Devil's claw (yellow flower)

Common name:

  • Devil's claw (yellow flower)

Scientific name:

  • Proboscidea lutea (Lindl.) Stapf

Other scientific name:

  • Ibicella lutea (indl.) V. Eseltine

Plant status

Catchment management authority boundaries

Regionally prohibited in the Port Phillip and Western Port catchments.

Regionally controlled in the Glenelg Hopkins, Goulburn Broken and North East catchments.

Restricted in the Mallee, Wimmera, East Gippsland, North Central, Corangamite and West Gippsland catchments.

Plant biology


Herbaceous plant —  Forb (flowering herbaceous plant —  not a grass)Yellow flower of Devil's claw (yellow flower)


Devil's claw (yellow flower) is an erect, low-growing annual herb with an unpleasant odour.


Stems have many branches and are hollow. They are covered with glandular hairs which exude a slimy, sticky sap.Stems of Devil's claw (yellow flower)


Leaves of Devil's claw (yellow flower) are round to heart-shaped, 5 to 25cm across, opposite and covered with glandular hairs as on the stems. Stalks grow to 20cm long.


Devil's claw (yellow flower) has yellow flowers with red or purple markings. They are trumpet-shaped, 2.5 to 5cm long and 5 to 7.5cm in diameter.


The fruit of devil's claw (yellow flower) is a bulbous capsule containing numerous seeds, armed with a long curved beak which splits as the fruit matures to form two hard curved claws.

The mature fruit is 10 to 25cm long, generally light brown and with short spines at the base, which are apparent when the outer husk is peeled off.

The claws are longer than the body of the capsule.Fruit of Devil's claw (yellow flower)

Growth and lifecycle

Method of reproduction and dispersal

Devil's claw (yellow-flower) reproduces by seed and is dispersed only by the movement of seeds, usually while still within the fruit.

With its hooked claws, the fruit readily attaches to almost anything which it has contact with, and is likely to spread over distances of 200m.

Seedbank propagule persistence

The weed has a bulbous capsule containing numerous seeds. Each plant bears 10 flowers which contain 100 seeds per capsule, resulting in 1000 seeds per plant.

Devil's claw (yellow flower) is an annual and only produces propagules once a year.

Preferred habitat

Devil's claw (yellow flower) prefers subhumid to humid, temperate to tropical regions mainly on highly fertile soils.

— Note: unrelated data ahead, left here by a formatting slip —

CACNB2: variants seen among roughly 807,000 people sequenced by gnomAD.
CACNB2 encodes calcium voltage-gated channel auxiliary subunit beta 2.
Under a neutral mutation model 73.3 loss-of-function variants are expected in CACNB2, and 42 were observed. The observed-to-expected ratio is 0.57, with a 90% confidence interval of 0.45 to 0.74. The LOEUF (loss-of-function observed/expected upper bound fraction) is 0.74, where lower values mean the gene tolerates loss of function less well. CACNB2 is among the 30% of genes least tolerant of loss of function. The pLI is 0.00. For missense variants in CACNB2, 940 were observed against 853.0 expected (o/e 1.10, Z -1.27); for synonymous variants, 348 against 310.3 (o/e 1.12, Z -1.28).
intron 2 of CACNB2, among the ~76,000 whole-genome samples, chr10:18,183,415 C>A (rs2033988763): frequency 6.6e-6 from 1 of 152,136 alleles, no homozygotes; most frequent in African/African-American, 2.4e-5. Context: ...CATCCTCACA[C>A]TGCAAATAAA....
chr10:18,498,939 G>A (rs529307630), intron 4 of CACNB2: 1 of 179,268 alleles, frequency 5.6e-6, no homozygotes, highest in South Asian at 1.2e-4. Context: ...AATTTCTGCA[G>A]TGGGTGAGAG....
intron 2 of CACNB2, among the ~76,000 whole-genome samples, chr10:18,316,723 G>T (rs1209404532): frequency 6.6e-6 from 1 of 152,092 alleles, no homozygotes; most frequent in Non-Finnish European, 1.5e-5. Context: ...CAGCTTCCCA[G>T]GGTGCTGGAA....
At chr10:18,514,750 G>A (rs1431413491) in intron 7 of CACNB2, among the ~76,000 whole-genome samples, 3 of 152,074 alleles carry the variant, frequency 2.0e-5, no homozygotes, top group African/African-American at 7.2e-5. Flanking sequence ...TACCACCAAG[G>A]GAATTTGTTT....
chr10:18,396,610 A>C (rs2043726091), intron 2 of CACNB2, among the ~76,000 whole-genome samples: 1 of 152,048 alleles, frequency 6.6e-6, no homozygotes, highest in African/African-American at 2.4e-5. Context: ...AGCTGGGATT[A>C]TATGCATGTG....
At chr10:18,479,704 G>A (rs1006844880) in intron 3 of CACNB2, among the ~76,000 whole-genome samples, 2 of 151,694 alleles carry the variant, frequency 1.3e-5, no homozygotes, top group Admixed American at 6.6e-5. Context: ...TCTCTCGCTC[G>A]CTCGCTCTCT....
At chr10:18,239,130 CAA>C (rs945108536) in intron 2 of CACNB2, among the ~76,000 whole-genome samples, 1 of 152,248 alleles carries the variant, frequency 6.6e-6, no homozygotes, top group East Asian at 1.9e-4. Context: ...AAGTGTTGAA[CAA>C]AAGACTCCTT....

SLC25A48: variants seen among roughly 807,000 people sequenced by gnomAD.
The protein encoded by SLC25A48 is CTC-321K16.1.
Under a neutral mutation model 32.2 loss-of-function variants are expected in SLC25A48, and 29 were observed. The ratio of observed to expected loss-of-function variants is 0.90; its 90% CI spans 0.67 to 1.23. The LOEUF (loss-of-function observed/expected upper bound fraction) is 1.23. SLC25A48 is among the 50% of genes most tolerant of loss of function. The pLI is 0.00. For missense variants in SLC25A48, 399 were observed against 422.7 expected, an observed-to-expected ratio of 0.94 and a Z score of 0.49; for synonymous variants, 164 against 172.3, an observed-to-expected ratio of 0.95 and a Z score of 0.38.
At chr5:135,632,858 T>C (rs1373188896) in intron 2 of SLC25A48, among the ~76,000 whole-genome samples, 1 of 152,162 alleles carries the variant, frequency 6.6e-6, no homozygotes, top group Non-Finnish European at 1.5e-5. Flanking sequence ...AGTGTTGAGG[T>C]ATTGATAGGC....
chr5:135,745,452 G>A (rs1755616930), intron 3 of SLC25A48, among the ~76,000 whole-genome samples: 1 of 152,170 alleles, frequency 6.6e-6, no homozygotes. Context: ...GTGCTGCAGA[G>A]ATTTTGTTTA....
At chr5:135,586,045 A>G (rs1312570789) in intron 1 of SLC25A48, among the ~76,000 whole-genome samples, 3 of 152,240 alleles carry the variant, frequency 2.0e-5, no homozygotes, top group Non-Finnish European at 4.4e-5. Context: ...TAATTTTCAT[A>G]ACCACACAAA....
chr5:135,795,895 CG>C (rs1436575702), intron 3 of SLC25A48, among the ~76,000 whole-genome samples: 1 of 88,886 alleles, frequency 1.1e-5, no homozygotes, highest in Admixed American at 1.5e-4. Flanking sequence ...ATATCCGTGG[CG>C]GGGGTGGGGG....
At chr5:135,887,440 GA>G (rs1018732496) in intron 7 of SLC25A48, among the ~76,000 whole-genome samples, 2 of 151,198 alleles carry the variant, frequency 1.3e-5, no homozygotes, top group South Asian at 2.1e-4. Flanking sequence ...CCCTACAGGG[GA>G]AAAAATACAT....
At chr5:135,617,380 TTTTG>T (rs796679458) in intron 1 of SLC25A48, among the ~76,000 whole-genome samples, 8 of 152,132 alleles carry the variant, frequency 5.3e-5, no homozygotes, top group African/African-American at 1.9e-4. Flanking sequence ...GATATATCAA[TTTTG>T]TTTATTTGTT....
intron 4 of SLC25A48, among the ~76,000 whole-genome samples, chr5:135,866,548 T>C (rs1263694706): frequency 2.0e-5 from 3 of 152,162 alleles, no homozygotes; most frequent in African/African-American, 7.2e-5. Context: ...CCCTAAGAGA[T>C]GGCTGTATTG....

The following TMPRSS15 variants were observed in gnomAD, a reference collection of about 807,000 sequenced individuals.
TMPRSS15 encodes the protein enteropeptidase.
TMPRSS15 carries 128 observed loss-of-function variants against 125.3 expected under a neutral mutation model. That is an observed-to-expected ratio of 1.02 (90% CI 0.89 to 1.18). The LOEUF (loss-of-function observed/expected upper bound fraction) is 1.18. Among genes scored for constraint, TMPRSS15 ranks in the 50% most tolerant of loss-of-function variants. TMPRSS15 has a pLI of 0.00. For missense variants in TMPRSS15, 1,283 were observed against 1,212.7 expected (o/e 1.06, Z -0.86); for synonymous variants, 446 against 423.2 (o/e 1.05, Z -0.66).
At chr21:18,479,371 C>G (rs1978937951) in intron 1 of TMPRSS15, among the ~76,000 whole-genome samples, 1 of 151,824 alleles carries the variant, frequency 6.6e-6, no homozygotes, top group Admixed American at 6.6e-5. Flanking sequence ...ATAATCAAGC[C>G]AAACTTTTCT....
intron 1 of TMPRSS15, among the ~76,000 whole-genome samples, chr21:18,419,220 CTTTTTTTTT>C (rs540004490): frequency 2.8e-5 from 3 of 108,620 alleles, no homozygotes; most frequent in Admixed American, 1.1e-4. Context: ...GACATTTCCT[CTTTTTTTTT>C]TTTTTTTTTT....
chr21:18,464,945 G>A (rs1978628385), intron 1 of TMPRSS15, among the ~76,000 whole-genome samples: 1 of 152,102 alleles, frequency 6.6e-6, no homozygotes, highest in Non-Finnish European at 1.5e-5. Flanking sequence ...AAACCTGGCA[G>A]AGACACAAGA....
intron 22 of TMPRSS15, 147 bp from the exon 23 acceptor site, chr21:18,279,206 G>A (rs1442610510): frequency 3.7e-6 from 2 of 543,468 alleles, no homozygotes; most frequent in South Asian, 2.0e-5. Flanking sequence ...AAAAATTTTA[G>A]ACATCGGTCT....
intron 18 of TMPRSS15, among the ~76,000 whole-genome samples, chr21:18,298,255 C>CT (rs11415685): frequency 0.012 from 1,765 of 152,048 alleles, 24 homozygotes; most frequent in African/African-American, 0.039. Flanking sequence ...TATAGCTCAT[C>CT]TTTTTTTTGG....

It occurs as an isolated plant and can be found in small patches on roadsides, river flats, neglected areas, and occasionally on cultivated fallows and in annual pastures.

Devil's claw (yellow flower) is tolerant of drought and waterlogged soils.


Broad area infestations of Devil's claw (yellow flower) are rare.

Growth calendar

The icons on the following table represent the times of year for flowering, seeding, germination, the dormancy period of Devil's claw (yellow flower) and also the optimum time for treatment.

Flowering Flowering iconFlowering icon         
Seeding  Seeding iconSeeding iconSeeding icon       
Germination        Germination iconGermination iconGermination icon 


Impact on ecosystems and waterways

Devil's claw (yellow flower) does not produce dense infestations.

Small patches of isolated devil's claw have the potential to compete with and replace more desirable species. There is a marked seasonal variation in the weed's population size and density.

Agricultural and economic impacts

Devil's claw (yellow flower) is known to compete strongly with summer crops. Presence of the plant has minimal impact on yield.

Its fruit can injure stock when lodged in the mouth, potentially leading to death by starvation. It can also cause physical damage when the claws work into the animal's body or become attached to the feet.

This weed can also cause possible damage to sheep carcasses with the potential for major impact on the quality of the meat.

The dried fruit pods can break the combs of shearing machines delaying clip production and increasing material costs.

Social value and health impacts

Devil's claw exudes slimy, sticky sap through its stems and the unpleasant odour produced by the secretions on the leaves would make it unpleasant to walk through an infestation. The weed poses no toxic properties to humans.


Prescribed measures for the control of noxious weeds:

  • application of a registered herbicide
  • physical removal.

Read about prescribed measures for the control of noxious weeds.

Other management techniques

Changes in land use practices and spread prevention may also support Devil's claw (yellow flower) management after implementing the prescribed measures.

Page last updated: 25 Jun 2020